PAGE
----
Here is an absolutely fascinating post I found on the UofC Law Faculty Blog by Professor Randy Picker regarding a new phone that Nokia is introducing that has integrated WiFi/VoIP capability. How awesome would it be to have a phone that can transition seamlessly between the CMRS (Commerical Mobile Retail Services, or cell phone) network and the Internet? Problem is, Nokia is disabling that feature in the US market (or is simply not including it in the phone at all--not clear how Nokia is going to roll this out), presumably because cell phone companies are concerned about the built-in competition it would engender.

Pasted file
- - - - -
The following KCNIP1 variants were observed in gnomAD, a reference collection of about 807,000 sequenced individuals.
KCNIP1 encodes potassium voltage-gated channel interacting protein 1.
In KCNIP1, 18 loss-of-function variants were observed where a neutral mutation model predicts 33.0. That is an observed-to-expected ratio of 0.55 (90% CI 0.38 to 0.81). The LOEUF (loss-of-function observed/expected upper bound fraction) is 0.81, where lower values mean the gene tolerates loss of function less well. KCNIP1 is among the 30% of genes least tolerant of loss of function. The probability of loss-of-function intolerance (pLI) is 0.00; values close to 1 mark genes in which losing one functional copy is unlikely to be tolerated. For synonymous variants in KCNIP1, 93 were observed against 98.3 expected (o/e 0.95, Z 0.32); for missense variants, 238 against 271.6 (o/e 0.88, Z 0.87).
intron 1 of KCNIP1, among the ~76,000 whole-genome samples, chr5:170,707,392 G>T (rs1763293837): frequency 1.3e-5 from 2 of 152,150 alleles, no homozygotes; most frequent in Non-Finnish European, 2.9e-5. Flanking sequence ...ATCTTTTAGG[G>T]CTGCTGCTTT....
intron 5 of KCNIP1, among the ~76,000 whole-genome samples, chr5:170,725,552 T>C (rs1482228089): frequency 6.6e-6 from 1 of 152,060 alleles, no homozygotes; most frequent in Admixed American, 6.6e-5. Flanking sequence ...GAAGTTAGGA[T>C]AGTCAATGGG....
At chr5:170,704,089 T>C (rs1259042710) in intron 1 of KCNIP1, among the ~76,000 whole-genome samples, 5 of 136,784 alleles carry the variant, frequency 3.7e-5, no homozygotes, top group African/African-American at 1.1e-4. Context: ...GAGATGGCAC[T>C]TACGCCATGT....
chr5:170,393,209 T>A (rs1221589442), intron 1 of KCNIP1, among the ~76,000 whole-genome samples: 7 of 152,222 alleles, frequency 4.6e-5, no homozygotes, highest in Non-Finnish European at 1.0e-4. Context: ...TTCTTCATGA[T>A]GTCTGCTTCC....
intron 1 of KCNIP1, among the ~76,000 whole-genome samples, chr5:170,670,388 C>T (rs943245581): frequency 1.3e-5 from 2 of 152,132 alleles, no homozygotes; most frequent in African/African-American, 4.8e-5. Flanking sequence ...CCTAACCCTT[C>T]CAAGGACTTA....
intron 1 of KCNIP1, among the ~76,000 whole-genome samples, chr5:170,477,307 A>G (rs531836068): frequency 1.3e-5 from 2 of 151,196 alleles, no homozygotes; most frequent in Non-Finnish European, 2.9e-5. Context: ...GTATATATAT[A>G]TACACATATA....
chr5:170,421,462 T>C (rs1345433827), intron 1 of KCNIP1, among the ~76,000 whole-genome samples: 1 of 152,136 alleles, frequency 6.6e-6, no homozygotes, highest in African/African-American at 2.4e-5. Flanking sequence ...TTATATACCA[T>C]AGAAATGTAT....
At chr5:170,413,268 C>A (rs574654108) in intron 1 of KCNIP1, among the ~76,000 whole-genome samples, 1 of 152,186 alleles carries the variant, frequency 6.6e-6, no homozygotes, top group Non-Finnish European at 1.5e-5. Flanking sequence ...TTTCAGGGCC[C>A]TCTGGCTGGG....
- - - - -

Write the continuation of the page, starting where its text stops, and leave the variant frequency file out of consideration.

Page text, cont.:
Professor Picker asks why the European companies do not have the same concerns about the built-in competition. I would imagine the answer is that, if the companies were left as unregulated as companies in the US, the same thing would happen there.
I wonder whether market discipline will fix this problem. Usually, companies can come up with some bogus paternalistic reason why they have to restrict product choice (like "we are concerned for consumer safety" or "quality would suffer"), but here there is simply no good explanation. Perhaps cell phone companies will raise network security issues or something, but that would be silly.
Anyway, check out the blog post. And the comments are also worth the read.